Take the 2-minute tour ×
Super User is a question and answer site for computer enthusiasts and power users. It's 100% free, no registration required.

I have the following bash script:

while [ $loop == "true" ]
   do
     //do stuff
   done

but it says error at [.

Also this runs as a daemon, when the stop argument is passed to the script...the loop should. I'm guessing setting $loop to false will automatically end the loop.

share|improve this question
    
"... it says error at [." Really? –  Ignacio Vazquez-Abrams Jan 9 '12 at 1:11
    
Have a -1 for not giving nor properly describing the error message. –  JdeBP Jan 9 '12 at 11:28
add comment

2 Answers

up vote 1 down vote accepted

The best way to type this would be:

while [ "$loop" = "true" ]

Read the section "Working out the test-command" at the following URL:
http://wiki.bash-hackers.org/syntax/quoting

share|improve this answer
2  
All values in bash are strings. The quotes have nothing to do with that. –  Ignacio Vazquez-Abrams Jan 9 '12 at 1:17
2  
The quotes makes it work. And = compares strings, compared to (for example) -eq that compares integers. Check Advanced Bash Scripting Guide for more information "Note that integer and string comparison use a different set of operators.": tldp.org/LDP/abs/html/comparison-ops.html –  Mattias Ahnberg Jan 9 '12 at 1:21
    
Or well, you are right, the "" in itself doesn't make it a string, you might aswell use: $loop = true but bash still makes difference between strings and integers. Updated the answer slightly. –  Mattias Ahnberg Jan 9 '12 at 1:23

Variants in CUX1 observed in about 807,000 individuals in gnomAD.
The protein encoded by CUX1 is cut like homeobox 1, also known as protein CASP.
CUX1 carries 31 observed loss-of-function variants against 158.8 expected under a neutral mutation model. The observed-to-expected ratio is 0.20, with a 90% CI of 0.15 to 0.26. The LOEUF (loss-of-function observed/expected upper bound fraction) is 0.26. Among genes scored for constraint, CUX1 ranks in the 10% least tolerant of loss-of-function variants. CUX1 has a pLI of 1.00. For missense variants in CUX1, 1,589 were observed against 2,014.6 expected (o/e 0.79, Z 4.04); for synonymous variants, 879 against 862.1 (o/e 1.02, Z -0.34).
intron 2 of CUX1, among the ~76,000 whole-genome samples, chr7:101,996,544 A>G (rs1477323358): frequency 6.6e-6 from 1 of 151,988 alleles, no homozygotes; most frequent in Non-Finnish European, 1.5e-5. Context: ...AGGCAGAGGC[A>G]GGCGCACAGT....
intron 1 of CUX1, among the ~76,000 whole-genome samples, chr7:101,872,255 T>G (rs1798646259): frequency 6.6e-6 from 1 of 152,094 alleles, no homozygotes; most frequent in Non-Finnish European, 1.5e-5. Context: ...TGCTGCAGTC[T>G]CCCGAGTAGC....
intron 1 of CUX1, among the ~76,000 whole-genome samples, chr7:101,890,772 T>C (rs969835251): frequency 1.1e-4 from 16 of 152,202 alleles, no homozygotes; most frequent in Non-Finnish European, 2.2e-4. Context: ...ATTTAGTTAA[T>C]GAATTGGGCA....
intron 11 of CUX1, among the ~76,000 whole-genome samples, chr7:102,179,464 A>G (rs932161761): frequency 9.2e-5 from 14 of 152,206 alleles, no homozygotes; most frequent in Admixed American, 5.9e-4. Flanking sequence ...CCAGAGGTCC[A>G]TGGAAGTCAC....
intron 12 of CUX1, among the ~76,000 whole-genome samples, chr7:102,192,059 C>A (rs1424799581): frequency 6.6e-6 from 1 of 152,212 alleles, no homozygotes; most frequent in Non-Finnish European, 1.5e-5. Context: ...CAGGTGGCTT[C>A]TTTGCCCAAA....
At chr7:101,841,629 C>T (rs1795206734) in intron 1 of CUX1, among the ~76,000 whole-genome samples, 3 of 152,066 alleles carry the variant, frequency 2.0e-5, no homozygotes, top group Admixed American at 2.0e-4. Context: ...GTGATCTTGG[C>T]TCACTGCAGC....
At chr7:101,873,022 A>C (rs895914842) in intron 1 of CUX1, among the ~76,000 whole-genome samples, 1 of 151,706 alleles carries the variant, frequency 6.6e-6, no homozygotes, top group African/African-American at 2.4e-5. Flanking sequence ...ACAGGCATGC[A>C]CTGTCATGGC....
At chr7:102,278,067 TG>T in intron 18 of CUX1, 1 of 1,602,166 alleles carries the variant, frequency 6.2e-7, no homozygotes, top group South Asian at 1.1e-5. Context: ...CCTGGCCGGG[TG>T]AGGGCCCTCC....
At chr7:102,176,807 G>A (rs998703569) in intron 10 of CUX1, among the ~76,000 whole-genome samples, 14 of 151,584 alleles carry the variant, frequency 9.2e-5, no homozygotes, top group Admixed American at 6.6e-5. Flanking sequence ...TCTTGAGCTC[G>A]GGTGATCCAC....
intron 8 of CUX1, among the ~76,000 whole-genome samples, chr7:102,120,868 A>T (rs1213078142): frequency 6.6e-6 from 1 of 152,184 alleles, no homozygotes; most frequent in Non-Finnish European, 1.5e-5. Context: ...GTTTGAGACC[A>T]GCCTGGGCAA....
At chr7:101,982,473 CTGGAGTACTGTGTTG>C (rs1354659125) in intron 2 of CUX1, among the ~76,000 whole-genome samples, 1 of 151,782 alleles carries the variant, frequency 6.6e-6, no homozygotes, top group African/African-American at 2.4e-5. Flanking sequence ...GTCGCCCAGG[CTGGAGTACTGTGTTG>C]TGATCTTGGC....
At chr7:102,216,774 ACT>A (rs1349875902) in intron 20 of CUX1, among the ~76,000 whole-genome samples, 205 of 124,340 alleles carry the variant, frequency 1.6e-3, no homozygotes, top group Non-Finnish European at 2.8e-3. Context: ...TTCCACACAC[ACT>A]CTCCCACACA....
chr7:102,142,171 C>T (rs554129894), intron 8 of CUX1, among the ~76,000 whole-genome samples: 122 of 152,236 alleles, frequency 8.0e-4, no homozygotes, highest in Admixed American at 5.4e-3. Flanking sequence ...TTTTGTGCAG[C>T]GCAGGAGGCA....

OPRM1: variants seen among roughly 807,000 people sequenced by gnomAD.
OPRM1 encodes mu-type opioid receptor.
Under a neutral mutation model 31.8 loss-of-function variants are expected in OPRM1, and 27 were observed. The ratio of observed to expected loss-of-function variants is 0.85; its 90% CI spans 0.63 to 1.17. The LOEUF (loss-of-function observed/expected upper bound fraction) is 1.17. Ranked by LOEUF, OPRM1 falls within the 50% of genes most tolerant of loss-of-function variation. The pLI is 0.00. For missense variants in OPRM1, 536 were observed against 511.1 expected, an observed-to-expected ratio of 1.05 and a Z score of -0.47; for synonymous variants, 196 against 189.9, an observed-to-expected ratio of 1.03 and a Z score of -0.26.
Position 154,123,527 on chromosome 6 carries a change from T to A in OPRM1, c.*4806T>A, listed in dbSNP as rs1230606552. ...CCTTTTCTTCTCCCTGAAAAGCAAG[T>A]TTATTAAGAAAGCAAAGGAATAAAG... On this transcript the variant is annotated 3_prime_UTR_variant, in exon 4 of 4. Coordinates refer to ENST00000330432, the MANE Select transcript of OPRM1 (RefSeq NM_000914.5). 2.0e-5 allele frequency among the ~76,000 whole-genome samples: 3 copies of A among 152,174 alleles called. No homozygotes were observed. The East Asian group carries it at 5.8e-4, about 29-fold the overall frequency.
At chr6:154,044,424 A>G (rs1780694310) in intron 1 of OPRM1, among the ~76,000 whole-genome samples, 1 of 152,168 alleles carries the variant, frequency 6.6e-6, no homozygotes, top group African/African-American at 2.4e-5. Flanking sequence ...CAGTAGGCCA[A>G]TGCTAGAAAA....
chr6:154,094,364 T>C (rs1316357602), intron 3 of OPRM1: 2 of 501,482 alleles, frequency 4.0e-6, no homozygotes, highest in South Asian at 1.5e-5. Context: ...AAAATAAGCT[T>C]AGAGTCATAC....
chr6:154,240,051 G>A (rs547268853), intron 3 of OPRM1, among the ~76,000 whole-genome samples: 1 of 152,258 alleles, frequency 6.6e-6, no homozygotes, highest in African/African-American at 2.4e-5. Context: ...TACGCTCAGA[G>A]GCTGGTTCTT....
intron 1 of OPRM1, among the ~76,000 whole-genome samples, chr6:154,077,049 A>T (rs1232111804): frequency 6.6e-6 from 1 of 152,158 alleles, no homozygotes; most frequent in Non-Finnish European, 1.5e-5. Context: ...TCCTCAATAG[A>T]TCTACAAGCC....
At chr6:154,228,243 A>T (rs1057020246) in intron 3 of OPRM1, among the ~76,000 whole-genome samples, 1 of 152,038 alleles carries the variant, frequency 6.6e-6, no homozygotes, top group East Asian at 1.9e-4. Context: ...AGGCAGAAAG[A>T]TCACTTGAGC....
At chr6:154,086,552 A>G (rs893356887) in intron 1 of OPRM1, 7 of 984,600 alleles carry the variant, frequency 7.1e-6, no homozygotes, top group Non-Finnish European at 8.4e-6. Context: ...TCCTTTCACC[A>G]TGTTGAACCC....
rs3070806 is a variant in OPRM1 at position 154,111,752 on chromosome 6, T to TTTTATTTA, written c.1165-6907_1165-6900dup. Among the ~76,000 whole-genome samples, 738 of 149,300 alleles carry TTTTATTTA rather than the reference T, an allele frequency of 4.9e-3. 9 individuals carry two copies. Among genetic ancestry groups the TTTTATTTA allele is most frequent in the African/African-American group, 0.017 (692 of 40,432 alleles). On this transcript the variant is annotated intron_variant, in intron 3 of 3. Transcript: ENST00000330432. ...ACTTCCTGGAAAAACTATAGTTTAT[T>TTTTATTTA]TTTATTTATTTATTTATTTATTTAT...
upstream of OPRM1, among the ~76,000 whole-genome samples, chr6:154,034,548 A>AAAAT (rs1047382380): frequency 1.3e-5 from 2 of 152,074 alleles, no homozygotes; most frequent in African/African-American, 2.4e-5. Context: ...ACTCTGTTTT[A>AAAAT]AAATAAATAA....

The reasoning is still incorrect. $ [ true = "true" ] ; echo $? 0 –  Ignacio Vazquez-Abrams Jan 9 '12 at 1:25
6  
You know, telling someone they are wrong without explaining and properly correcting is kindof pointless and dumb? –  Mattias Ahnberg Jan 9 '12 at 1:27
show 2 more comments

M. Vazquez-Abrams is quite right. This is nothing to do with quotation marks making things that are already strings into strings, or some wrongheaded idea that = in bash's built-in [ command is anything other than a string comparison. (Read § 6.4 of the Bash User Manual, people!) It's everything to do with what happens to empty fields after field-splitting turns words into fields.

If the shell variable loop is empty or null, then $loop expands to an empty field. After field splitting, empty fields are discarded. Note that field splitting and the check for empty fields precedes quote removal. So "$loop" expands to the field "", which is not empty and is thus not removed. After quote removal it is then an empty field, that becomes an empty argument to the command.

The [ command requires its = operator to have two operands, fore and aft. Anything else is a syntax error. Since an empty field is removed, the sequence of words

[ $loop = true ]
expands to four fields

  1. [
  2. =
  3. true
  4. ]

when the [ command needs five to be syntactically correct:

  1. [
  2.  
  3. =
  4. true
  5. ]

Of course, the empty string is not equal to the four-character string true, and the command's exit status is non-zero.

Again, all of this is in the Bash User Manual, in §3.5 and §3.5.7. The manual is your friend.

share|improve this answer
    
Oh yes, you are ofcourse right. Well put! I much more appreciate these types of corrections and explanations though than Mr Vazquez-Abrams arrogant comments just pointing out that someone is wrong without bothering to explain or clarify. Hardly helpful. I phrased myself badly with converting to string, but I meant there is a difference between strings and integers in how you're supposed to loop them. And I always have a habit of putting my tests/strings within "" to handle spaces properly. :) I also wrongly assumed that $loop was set to "true", while it might not have been. –  Mattias Ahnberg Jan 9 '12 at 12:59
add comment

Your Answer

 
discard

By posting your answer, you agree to the privacy policy and terms of service.

Not the answer you're looking for? Browse other questions tagged or ask your own question.